dation that, in the absence of an adjudication in its favor, a preliminary injunction should not issue. The motion is denied.
(Oircuit Oourt, D. Ma8sachusetts.
November 3, 1887.)
PATENTS FOR lNvENTIONS-INFRINGEMENT'"-DAMAGES AND PROFITS.
Under a decree directing the master to take an account of the profits which the defendant had received from the infringement of the patented invention, and to report the damages, if any, in addition to the profits, the masterfound that the complainant's profits were in excess of his damages, and reported the amount of the profits realized by the defendant attributable to the patented invention, Held, that an allowance to the defendant of 10 per cent. of the entire profits, liS manufacturer's profits, was reasonable, and that the complainant was not entitled to any damages in addition to profits. On an accounting for infringement, it appeared that, prior to a certain date, the defendant had had an exclusive license to manufacture and sell the patented article, paying a license fee of about 10 per cent. on the proceeds realized, and that subsequently the complainant had acquired a similar license, which continued in force to the bringing of the suit, paying a royalty of three cents per article on all sales. Held, that the evidence failed to show such an established license fee as would constitute a proper measure of damages. Whether or not the statement made on the accounting of the costs in the manufacture and sale of the patented article, and patented improvements thereon, presented a reliable basis for the calculation of profits made, and whether or not the master should not, therefore, have reported the licen,se fee alone, as the proper amount of the complainant's recovery, are questions of fact for the master.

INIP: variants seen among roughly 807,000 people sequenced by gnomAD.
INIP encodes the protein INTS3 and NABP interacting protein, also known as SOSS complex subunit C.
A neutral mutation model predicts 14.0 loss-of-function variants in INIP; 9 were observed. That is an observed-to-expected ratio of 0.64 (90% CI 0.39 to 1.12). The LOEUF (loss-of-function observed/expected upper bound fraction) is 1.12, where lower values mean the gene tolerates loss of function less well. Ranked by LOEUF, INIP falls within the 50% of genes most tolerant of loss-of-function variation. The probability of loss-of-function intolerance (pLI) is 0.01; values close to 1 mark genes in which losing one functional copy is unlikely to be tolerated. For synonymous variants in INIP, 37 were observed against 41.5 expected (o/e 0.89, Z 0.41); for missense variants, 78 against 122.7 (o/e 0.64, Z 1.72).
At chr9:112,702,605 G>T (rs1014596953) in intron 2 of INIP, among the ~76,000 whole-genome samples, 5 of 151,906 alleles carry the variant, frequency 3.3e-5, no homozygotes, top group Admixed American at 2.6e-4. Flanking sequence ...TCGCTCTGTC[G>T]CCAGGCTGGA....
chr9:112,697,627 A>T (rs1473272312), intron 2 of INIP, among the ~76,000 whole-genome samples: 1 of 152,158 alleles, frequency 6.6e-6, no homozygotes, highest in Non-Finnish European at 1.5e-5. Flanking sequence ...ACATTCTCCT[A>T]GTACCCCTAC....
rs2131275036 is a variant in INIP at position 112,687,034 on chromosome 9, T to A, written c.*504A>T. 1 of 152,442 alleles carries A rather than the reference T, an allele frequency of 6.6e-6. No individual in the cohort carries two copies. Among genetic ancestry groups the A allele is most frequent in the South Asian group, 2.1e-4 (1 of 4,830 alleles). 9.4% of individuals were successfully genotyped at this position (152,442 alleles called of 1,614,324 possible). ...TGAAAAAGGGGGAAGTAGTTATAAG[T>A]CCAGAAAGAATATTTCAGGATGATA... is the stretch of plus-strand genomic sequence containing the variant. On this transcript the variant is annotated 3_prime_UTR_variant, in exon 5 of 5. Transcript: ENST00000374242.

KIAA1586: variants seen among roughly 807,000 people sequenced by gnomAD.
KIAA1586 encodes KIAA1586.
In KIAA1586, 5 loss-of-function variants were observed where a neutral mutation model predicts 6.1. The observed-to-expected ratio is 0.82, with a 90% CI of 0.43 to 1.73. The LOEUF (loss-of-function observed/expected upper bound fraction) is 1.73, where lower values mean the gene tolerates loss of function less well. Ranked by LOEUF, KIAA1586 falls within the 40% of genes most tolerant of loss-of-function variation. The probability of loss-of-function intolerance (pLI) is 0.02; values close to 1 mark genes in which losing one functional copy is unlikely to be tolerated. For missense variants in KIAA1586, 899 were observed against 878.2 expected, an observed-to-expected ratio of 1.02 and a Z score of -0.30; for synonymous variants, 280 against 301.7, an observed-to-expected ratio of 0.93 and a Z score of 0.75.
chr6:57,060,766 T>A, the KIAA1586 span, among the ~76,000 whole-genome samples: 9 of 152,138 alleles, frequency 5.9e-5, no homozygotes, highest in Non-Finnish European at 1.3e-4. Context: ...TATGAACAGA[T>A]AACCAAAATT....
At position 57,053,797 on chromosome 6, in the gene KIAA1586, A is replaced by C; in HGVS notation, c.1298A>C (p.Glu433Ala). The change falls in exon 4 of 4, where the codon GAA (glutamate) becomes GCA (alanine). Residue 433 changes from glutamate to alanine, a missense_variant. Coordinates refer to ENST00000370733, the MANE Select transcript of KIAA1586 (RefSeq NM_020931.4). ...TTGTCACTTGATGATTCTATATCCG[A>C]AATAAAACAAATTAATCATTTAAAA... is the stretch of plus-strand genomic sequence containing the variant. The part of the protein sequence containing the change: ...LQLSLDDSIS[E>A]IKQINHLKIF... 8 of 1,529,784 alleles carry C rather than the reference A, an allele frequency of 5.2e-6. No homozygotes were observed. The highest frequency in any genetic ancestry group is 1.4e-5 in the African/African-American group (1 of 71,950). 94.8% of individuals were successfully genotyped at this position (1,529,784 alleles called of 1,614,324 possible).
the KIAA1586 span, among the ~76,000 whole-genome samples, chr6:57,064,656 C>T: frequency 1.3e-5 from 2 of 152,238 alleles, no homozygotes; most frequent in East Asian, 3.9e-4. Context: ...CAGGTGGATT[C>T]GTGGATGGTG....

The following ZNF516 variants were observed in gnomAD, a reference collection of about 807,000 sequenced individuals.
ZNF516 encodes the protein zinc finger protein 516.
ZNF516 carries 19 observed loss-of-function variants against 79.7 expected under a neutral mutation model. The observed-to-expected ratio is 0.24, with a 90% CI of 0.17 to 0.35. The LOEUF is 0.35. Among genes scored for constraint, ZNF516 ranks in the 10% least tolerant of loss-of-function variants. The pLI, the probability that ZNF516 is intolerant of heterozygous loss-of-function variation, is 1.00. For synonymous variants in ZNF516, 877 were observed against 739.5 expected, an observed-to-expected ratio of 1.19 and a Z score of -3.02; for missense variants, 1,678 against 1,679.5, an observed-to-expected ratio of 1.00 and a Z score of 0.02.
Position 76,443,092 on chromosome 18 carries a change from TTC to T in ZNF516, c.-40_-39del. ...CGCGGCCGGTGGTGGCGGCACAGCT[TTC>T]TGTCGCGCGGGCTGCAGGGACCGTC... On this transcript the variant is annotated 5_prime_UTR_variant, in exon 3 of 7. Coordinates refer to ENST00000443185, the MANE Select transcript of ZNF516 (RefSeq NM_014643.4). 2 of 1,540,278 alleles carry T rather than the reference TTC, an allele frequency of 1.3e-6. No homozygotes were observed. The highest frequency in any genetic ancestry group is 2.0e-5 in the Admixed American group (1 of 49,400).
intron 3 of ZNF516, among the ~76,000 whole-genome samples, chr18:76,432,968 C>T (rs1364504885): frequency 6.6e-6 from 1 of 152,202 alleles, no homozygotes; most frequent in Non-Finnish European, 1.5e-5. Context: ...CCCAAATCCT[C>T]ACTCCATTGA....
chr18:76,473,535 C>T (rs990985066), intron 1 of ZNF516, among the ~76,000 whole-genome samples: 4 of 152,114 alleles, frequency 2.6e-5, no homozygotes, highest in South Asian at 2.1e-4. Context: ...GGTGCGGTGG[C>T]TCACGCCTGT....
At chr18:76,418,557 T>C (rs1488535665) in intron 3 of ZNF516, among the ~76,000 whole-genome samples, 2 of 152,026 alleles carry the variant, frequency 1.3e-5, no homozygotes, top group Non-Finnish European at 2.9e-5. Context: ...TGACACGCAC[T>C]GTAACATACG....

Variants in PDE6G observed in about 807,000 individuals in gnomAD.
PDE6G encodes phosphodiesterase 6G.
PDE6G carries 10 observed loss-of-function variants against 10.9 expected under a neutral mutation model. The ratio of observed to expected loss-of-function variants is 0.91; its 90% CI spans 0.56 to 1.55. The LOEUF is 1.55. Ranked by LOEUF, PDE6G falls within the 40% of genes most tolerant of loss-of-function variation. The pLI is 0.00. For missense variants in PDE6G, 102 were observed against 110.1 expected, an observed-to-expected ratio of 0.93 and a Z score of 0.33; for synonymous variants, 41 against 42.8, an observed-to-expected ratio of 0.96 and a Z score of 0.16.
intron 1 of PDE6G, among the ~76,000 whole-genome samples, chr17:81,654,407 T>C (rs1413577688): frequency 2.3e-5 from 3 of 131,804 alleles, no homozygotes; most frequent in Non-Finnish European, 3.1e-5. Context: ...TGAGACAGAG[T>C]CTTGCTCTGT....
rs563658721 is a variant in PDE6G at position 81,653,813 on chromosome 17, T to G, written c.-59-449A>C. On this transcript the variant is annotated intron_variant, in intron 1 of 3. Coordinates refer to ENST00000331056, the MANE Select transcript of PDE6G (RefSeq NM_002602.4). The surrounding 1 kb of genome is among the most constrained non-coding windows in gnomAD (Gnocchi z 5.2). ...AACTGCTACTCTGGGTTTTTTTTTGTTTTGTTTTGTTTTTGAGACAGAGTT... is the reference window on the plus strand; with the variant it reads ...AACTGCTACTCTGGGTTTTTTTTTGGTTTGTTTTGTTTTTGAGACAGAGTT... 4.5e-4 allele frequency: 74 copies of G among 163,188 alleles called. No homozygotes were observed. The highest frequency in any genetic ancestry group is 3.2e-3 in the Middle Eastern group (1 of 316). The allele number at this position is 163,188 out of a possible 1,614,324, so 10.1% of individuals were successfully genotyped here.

Upon the hearing of exce]1tions to a master's report of profits, the defendant requested the court to direct the master to report the evidence necessary to a clear understanding of the exceptions. It appeared that the evidence was taken ,orally before the master, who only took notes, and that no request was made at the time tbat the testimony should be reported to the court. The master stated that it would be impossible to convey to the court a correct idea of all the testimony upon the accounting. Held, that the motion should be refused.
In Equity. On exceptions to master's report. See 26 Fed. D. a. Linscott, for complainants. I. D. Van for defendant.
COLT, J. This case now comes before the court on exceptirJDs to the master's report. The master was directed to take an account of the prof. its which the defendant had received from the infringement of the pat· ented invention,and to report the damages, if any, in addition to the profits, which the complainants have sustained since August 16, 1880. 'fhe master finds that the defendant has made and sold 4,092 pairs of the infringing pedal feet, and that the profits realized by the defendant
HAM:M:ACHER V. WILSON.